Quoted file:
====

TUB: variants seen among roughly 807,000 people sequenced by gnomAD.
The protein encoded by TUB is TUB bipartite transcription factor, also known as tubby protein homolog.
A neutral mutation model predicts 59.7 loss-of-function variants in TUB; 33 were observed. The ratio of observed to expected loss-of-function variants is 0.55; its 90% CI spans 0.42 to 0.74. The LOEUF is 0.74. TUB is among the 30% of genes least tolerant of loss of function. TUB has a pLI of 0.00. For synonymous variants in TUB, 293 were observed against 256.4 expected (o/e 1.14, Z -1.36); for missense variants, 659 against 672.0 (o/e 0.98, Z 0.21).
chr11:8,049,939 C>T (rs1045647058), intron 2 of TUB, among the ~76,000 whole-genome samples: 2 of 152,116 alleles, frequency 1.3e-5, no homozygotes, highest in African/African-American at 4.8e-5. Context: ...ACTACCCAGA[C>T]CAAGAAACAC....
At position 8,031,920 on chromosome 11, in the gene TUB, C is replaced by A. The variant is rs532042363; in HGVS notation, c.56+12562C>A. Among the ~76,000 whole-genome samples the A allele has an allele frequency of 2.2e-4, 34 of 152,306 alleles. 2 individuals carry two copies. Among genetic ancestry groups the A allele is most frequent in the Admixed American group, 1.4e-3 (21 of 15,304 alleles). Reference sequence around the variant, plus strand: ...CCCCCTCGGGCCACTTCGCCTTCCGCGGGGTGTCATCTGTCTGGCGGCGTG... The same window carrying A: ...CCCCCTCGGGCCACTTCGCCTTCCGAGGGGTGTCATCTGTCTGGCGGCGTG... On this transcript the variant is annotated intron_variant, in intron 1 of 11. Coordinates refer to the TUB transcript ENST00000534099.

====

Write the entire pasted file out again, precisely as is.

TUB: variants seen among roughly 807,000 people sequenced by gnomAD.
The protein encoded by TUB is TUB bipartite transcription factor, also known as tubby protein homolog.
A neutral mutation model predicts 59.7 loss-of-function variants in TUB; 33 were observed. The ratio of observed to expected loss-of-function variants is 0.55; its 90% CI spans 0.42 to 0.74. The LOEUF is 0.74. TUB is among the 30% of genes least tolerant of loss of function. TUB has a pLI of 0.00. For synonymous variants in TUB, 293 were observed against 256.4 expected (o/e 1.14, Z -1.36); for missense variants, 659 against 672.0 (o/e 0.98, Z 0.21).
chr11:8,049,939 C>T (rs1045647058), intron 2 of TUB, among the ~76,000 whole-genome samples: 2 of 152,116 alleles, frequency 1.3e-5, no homozygotes, highest in African/African-American at 4.8e-5. Context: ...ACTACCCAGA[C>T]CAAGAAACAC....
At position 8,031,920 on chromosome 11, in the gene TUB, C is replaced by A. The variant is rs532042363; in HGVS notation, c.56+12562C>A. Among the ~76,000 whole-genome samples the A allele has an allele frequency of 2.2e-4, 34 of 152,306 alleles. 2 individuals carry two copies. Among genetic ancestry groups the A allele is most frequent in the Admixed American group, 1.4e-3 (21 of 15,304 alleles). Reference sequence around the variant, plus strand: ...CCCCCTCGGGCCACTTCGCCTTCCGCGGGGTGTCATCTGTCTGGCGGCGTG... The same window carrying A: ...CCCCCTCGGGCCACTTCGCCTTCCGAGGGGTGTCATCTGTCTGGCGGCGTG... On this transcript the variant is annotated intron_variant, in intron 1 of 11. Coordinates refer to the TUB transcript ENST00000534099.